History lessons through comics
History lessons through comics
Do comics deserve a place in the teaching of American history? Yes, say a group of historians and comics artists who joined forces to publish an anthology of 20 little-known stories about our nation’s past, each told in graphic-novel format. Jason Rodriquez, editor of “Colonial Comics: New England, 1620-1750” (Fulcrum), collected stories about figures such as slave owner Samuel Maverick, who lived on an island in Boston Harbor, and Elizabeth Glover, a widow who supported five children by operating a printing press. One of her printing jobs, “The Bay Psalm Book,” was the first book printed in Colonial-era New England. Eleven of the 1,700 first edition copies printed still exist, including one that recently sold for more than $14 million.
“Troublesome Sows” touches on the friction between Native Americans and the newcomers. The European settlers brought their livestock with them and allowed them to roam freely in the New World. The livestock ate food growing on land cultivated by Native Americans, heightening tensions between the two groups.
Rodriguez is coming to town during school-vacation week to lead two workshops in which children will create their own comics about history. He will be joined by other comics artists and historian John L. Bell for a hands-on program at the Massachusetts Historical Society on April 21 from 2 to 4 p.m. Admission is free, but registration is required. Call 617-646-0578 or register online at www.masshist.org/events.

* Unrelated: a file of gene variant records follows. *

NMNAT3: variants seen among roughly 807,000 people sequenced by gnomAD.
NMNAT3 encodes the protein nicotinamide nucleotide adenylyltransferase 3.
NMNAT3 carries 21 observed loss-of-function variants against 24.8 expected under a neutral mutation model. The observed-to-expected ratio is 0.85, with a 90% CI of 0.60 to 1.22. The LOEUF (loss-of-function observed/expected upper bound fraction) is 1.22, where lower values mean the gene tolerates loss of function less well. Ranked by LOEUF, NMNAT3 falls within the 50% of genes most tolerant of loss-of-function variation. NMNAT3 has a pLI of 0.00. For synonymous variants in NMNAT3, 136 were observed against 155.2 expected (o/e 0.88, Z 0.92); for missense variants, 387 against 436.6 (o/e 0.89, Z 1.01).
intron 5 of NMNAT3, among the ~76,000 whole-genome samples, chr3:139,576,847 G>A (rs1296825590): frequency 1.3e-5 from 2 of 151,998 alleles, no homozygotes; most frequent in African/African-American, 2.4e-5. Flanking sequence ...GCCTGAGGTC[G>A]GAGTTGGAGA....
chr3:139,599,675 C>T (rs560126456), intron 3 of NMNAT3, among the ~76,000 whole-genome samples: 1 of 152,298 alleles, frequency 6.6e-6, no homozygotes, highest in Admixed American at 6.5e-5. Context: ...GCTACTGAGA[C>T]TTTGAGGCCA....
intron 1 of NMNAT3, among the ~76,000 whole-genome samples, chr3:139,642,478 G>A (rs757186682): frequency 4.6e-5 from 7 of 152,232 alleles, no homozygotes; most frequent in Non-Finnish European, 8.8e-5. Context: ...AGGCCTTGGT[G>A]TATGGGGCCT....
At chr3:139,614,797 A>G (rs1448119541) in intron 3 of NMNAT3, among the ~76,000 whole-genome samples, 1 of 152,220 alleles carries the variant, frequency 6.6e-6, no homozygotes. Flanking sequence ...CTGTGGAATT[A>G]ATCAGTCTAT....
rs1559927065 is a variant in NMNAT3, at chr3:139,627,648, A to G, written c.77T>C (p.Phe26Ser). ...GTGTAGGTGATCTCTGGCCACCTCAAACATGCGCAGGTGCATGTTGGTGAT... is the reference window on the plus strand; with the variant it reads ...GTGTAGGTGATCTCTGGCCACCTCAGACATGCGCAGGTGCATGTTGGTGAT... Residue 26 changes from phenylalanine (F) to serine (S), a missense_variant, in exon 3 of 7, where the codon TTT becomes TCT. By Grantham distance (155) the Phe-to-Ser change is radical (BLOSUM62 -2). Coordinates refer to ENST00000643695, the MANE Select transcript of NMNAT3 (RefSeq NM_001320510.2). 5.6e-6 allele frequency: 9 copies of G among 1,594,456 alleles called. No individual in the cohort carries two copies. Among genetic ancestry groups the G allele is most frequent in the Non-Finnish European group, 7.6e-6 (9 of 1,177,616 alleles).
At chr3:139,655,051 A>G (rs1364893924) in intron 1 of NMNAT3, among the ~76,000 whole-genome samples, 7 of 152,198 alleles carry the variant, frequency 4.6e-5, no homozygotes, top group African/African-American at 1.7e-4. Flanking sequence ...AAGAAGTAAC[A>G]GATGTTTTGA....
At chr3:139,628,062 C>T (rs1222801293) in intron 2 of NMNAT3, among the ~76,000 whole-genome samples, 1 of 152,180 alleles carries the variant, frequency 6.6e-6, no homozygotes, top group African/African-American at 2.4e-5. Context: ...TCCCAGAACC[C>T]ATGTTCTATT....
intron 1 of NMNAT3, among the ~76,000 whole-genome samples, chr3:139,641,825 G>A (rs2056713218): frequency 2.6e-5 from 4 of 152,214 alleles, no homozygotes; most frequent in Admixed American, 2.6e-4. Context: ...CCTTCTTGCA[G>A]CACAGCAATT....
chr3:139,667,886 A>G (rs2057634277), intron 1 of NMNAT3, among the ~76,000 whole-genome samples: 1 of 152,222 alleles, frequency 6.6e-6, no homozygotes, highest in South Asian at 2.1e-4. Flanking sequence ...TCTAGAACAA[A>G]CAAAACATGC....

Rodriguez will present “History, in Panels: Comic Book Making Workshop” from 10 a.m. to 12:30 p.m. April 23 at the Concord Museum. The fee is $15. Register at www.concordmuseum.org.
The bright colors and the natural light are what I noticed first on a recent visit to the newly renovated second floor of the Boston Public Library’s Johnson Building, the addition built in 1972. There are colorful murals, furniture, and floor coverings where gray once dominated. Clear glass windows have replaced tinted ones.
The children’s room is twice as big as it used to be. It now features a wall with learning activities for toddlers and a storytime area with a throne for the storyteller. There are spaces for theatrical performances and craft workshops and a “parking lot” for strollers.
The teen room also has been moved to the second floor and now features not only comfy chairs to settle in with a book but diner-style booths, a lounge to watch movies, and space for groups to work and play together. There’s a 3D printer and computers loaded with graphic design as well as video- and audio-editing software.
Books, of course, still are the main attraction but the children’s and teen spaces now have more in common with a community center than libraries of old. Throughout, there are graceful reminders of the past. Card catalog drawers, repurposed as mini-bookcases, hang from the ceiling, and the green shades on new modern lamps are reminiscent of the old green ones in the main library building.
■ “The Liar” by Nora Roberts (Putnam)
■ “Born with Teeth: A Memoir” by Kate Mulgrew (Little, Brown)
■ “The Fishermen” by Chigozie Obioma (Little, Brown)
Pick of the Week
Fran Duke of Where the Sidewalk Ends in Chatham recommends “The Precious One” by Marisa de los Santos (Morrow): “In this tale of family secrets, love, rejection, and forgiveness, the point of view shifts between two half-sisters who have met only once: Taisy Cleary, 35, and 16-year-old Willow. Why would their father bring his daughters together now, after he has kept them apart for all these years? The story is both warmly funny and heartbreaking as the two sisters share their perceptions and insights into the man who abandoned his first family.”